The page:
Stealing From Other Writers

By P.J. Parrish

When I write, I don’t read. Because I know, from experience, what happens when I do.  I steal.

Now, don’t get me wrong. All writers steal. At least, the smart ones do. Because this is partly how you learn to write a novel, by reading other novels, figuring out how the person structured the story, analyzing how the characters were layered, how the motivations were laid out, how the words were put together to elicit an emotional response. We learn by digesting the craftsmanship of others.

Here’s the thing though:  You have to steal in the right frame of mind. And for me at least, that is NOT when I am working on my own book. If I see a way of structuring a scene or chapter that is clever, I will try to replicate it in my own book. If I read a passage that sings, I will try to mimic it even if it’s not my style. When I am writing, I am in this weird fugue state and my brain is very porous and open. The temptation to take things that really don’t belong to me is too great.

But something changes once I am done writing my own book. I binge read for pleasure. Freed from my own insecurities and writer ego, I hear other writers more clearly. And when that happens, I learn more about writing in general and the lessons sort of sit in my brain, baking and bubbling, until I need them.

So, yes, I steal from other writers. Here are some of the things I have taken and the people I took them from:

Every sentence must do one of two things: reveal character or advance the action. I stole this from Kurt Vonnegut. About ten years ago, I was struggling mightily to write my first short story.  I went back and read Cheever, Hemingway, Saki and O Henry. I discovered John D. MacDonald’s The Good Old Stuff.  But it wasn’t until I got to Vonnegut’s Bagombo Snuff Box that I hit pay dirt. In the preface, Vonnegut laid out his eight rules for writing. (Click here to read them all.) His idea that every sentence must reveal character or advance plot was a light bulb moment for me. It now informs everything I write.  And when I teach, I try to impress on writers that every scene, every chapter, must work hard in service to the twin poles of character and plot.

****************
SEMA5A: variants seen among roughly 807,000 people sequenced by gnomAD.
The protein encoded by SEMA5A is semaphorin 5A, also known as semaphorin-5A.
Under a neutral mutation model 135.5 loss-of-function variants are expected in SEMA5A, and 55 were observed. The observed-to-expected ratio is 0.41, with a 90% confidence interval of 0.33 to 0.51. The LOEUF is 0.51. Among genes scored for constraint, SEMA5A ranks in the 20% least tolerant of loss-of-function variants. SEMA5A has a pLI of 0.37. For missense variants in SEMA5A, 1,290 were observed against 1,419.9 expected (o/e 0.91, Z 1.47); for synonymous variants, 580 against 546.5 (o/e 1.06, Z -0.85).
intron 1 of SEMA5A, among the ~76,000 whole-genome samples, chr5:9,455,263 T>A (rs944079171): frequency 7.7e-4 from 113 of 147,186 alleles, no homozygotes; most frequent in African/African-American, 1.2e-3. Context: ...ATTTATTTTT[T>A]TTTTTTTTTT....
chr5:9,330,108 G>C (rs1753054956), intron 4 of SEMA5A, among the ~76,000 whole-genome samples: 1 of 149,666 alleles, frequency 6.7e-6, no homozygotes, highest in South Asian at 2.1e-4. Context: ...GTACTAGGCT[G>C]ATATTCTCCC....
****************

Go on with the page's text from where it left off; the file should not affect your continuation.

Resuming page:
Kill Your Darlings. Nope, I didn’t get this one from Faulkner. I stole this from E.B. White. And by “darlings” I mean good characters.  Charlotte’s Web is my favorite book, maybe the one that most influenced me as a writer. It has many great lessons but the most enduring is that a writer can – must – be brave enough to kill a good character. I’ve written about this before, so click here if you want to read more.

Fall in love with the sound of language.  Stole this one from Truman Capote after reading Music for Chameleons. This is a miscellany of stories and essays published in 1980 after a 14-year drought following Capote’s brilliant In Cold Blood. It contains passages of exquisite beauty and it taught me, when I was just starting to write, to pay attention to what words sounded like. Like those chameleons in the lead story, I was mesmerized by the music, and have spent all the years since trying to make my own. (In his preface, Capote writes: “When God hands you a gift, he also hands you a whip for self-flagellation.” Ha!)

Don’t be afraid! This one I got from Mike Connelly’s The Poet. For most of our Louis Kincaid series, we have stayed mainly with a third-person intimate POV because we think filtering the story through our hero’s consciousness enhances the reader’s bond with him. But when we started our first stand alone thriller, The Killing Song, we realized our protag and villain were equally important. We needed something special to drive home their dichotomy of good and evil, so we decided to copy Connelly’s The Poet and mix first and third POVs. Our first chapter was written in first-person from the killer’s POV and the second chapter switched to third-person from the hero’s POV. But it wasn’t working. And we couldn’t figure out why.  I ran into Mike at Bouchercon and told him I stole his idea. He smiled, shook his head and said, “But give the first-person to your hero. It’s his story.” We took his advice and the story took off. But I wouldn’t have had the guts to try without reading The Poet.